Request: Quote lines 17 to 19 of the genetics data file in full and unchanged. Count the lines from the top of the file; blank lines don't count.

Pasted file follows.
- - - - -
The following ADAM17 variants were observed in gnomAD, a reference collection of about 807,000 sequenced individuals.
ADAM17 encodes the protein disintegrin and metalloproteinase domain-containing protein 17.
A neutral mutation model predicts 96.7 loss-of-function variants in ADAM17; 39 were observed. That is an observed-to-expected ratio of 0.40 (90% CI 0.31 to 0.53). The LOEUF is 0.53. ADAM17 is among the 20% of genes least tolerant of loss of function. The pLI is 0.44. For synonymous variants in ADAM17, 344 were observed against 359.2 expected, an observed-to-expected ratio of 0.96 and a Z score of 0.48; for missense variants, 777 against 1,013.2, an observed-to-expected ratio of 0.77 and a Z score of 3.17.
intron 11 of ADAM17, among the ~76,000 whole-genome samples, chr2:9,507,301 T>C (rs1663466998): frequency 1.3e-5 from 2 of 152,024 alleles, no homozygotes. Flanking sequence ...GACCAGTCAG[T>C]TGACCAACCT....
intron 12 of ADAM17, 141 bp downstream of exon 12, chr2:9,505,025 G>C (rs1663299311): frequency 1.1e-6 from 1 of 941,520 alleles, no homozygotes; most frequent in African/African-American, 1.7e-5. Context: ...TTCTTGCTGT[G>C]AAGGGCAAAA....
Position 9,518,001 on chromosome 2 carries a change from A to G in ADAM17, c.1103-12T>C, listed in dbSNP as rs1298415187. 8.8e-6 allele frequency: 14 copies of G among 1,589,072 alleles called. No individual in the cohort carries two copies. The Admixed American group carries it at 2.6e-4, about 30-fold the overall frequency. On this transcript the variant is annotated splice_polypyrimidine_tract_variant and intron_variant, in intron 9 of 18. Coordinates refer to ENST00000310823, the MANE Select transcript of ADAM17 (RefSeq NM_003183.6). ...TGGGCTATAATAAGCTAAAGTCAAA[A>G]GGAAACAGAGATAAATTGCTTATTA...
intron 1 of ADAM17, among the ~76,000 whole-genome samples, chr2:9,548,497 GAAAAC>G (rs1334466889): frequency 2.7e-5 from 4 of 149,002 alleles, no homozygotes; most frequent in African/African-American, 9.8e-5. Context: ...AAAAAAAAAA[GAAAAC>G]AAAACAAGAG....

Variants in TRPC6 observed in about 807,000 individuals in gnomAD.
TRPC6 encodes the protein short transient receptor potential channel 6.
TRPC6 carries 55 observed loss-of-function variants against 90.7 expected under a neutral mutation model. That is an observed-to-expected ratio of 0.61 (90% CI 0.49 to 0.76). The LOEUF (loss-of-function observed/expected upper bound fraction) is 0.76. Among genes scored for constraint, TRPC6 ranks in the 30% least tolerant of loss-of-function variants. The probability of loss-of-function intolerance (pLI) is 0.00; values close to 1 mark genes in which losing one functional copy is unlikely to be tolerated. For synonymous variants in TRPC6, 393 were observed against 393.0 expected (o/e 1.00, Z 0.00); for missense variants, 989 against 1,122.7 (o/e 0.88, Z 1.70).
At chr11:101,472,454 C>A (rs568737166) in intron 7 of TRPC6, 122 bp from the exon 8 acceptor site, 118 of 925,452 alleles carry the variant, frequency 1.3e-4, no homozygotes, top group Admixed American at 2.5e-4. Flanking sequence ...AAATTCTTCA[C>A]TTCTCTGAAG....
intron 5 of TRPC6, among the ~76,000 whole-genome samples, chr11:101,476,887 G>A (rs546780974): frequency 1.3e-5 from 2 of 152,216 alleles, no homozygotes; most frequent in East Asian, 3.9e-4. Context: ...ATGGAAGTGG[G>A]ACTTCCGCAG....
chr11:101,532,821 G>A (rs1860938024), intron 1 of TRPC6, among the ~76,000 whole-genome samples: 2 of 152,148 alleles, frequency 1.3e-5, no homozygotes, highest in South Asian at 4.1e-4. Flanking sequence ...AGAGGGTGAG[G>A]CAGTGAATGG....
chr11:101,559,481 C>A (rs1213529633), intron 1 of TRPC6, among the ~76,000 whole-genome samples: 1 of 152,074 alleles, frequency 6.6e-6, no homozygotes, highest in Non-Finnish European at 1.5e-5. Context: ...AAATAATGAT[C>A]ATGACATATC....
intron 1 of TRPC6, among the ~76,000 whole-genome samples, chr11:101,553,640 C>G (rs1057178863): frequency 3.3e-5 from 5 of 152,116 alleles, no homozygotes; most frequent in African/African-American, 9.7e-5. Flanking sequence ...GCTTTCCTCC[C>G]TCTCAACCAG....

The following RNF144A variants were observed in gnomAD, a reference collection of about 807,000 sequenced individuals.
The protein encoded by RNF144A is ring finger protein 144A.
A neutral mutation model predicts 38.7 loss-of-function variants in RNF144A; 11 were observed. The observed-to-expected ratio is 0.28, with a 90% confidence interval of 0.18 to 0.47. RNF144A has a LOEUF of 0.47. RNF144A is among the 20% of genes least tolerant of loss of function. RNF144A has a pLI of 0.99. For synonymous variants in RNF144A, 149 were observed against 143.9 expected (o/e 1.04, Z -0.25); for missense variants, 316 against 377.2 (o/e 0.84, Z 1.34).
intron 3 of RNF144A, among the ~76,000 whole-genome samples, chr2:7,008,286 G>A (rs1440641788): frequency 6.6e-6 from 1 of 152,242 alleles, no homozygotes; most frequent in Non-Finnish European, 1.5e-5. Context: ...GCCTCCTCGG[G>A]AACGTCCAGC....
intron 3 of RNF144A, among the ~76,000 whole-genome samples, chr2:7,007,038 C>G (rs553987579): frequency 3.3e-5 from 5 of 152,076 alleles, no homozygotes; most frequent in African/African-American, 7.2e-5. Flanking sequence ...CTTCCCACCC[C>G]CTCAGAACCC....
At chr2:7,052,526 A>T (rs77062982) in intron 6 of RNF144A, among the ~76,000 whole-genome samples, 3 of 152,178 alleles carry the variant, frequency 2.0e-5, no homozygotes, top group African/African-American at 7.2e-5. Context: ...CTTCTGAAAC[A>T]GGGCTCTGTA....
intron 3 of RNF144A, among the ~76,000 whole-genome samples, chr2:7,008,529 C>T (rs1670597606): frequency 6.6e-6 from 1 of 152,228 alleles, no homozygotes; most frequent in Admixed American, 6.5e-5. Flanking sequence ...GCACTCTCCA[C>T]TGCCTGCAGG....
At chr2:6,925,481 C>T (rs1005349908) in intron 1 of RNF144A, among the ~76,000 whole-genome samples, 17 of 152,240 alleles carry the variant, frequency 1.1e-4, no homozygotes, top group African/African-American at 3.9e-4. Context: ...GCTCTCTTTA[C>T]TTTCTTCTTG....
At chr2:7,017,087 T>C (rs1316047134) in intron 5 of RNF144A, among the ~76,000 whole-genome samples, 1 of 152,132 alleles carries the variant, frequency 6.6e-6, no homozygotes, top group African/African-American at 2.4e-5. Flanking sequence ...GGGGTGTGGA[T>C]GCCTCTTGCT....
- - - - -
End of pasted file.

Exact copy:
The protein encoded by RNF144A is ring finger protein 144A.
A neutral mutation model predicts 38.7 loss-of-function variants in RNF144A; 11 were observed. The observed-to-expected ratio is 0.28, with a 90% confidence interval of 0.18 to 0.47. RNF144A has a LOEUF of 0.47. RNF144A is among the 20% of genes least tolerant of loss of function. RNF144A has a pLI of 0.99. For synonymous variants in RNF144A, 149 were observed against 143.9 expected (o/e 1.04, Z -0.25); for missense variants, 316 against 377.2 (o/e 0.84, Z 1.34).
intron 3 of RNF144A, among the ~76,000 whole-genome samples, chr2:7,008,286 G>A (rs1440641788): frequency 6.6e-6 from 1 of 152,242 alleles, no homozygotes; most frequent in Non-Finnish European, 1.5e-5. Context: ...GCCTCCTCGG[G>A]AACGTCCAGC....